Vladimir Putin on Monday was sworn in for a fourth term as Russia’s president in an elaborate ceremony at the Kremlin, opening another six years ruling the country where he has already been in power for almost two decades.
Putin took the oath of office in the gold-encrusted St. Andrew’s hall, where Russia’s tsars were once crowned. The televised ceremony on Monday began with a staged scene in which cameras appeared to come upon Putin in his shirt-sleeves in his Kremlin office, as though he was interrupted during his ordinary workday.
Putin, who has tried to cultivate an image as a tireless servant of Russia, then put on his jacket and walked silently for several minutes down the building’s long, empty corridors, seeming to pause at one point as though inspecting some paintings hanging on a wall.
He then rode a few hundred yards across the Kremlin grounds in a phalanx of police bikes, seated in a new Russian-built limousine unveiled especially for the inauguration.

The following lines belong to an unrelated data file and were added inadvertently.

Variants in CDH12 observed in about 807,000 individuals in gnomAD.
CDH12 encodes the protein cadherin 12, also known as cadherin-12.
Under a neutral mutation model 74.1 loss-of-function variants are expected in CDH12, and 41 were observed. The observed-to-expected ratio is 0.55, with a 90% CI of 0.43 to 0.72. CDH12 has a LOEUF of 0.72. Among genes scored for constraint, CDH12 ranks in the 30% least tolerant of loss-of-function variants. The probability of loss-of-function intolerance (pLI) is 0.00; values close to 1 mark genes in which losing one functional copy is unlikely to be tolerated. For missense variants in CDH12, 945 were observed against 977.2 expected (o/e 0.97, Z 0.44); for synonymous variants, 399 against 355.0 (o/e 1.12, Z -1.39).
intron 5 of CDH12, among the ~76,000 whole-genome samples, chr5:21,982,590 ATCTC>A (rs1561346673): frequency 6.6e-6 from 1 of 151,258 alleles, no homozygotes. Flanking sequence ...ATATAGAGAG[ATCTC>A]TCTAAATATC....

At exactly midday, Putin entered the hall for the ceremony, walking along a red carpet lined by hundreds of Russia’s rich and powerful. He took the oath of office with his hand placed upon a copy of Russia’s constitution, swearing to protect the rights and freedoms of citizens.
In a speech after the oath, Putin said that Russia faced “historic” tasks and the country needs a “leap forward in all spheres of life.” After noting the firmness of Russia’s “defense capabilities,” he focused on a need for economic development, promising technological and social advances. As part of that, he said, democracy was essential for that to be achieved.
“I am certain that such a leap can be achieved only be a free society,” Putin said.
Recent events however have shown a far less full-throated commitment to democracy. Putin won almost 77 percent of the vote in mid-March — a vast margin that reflects in part his popularity among Russians, but also the country’s heavily controlled political scene, where media is dominated by the Kremlin and most serious political opponents have been sidelined.
International monitors have criticized March’s election saying the voters were pressured and had no real choice other than Putin due to the lack of competitors on the ballot.
Putin has now ruled Russia longer than any leader since Joseph Stalin, building a highly centralized system that has become increasingly authoritarian in recent years.
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SOURCE: ABC News, Patrick Reevell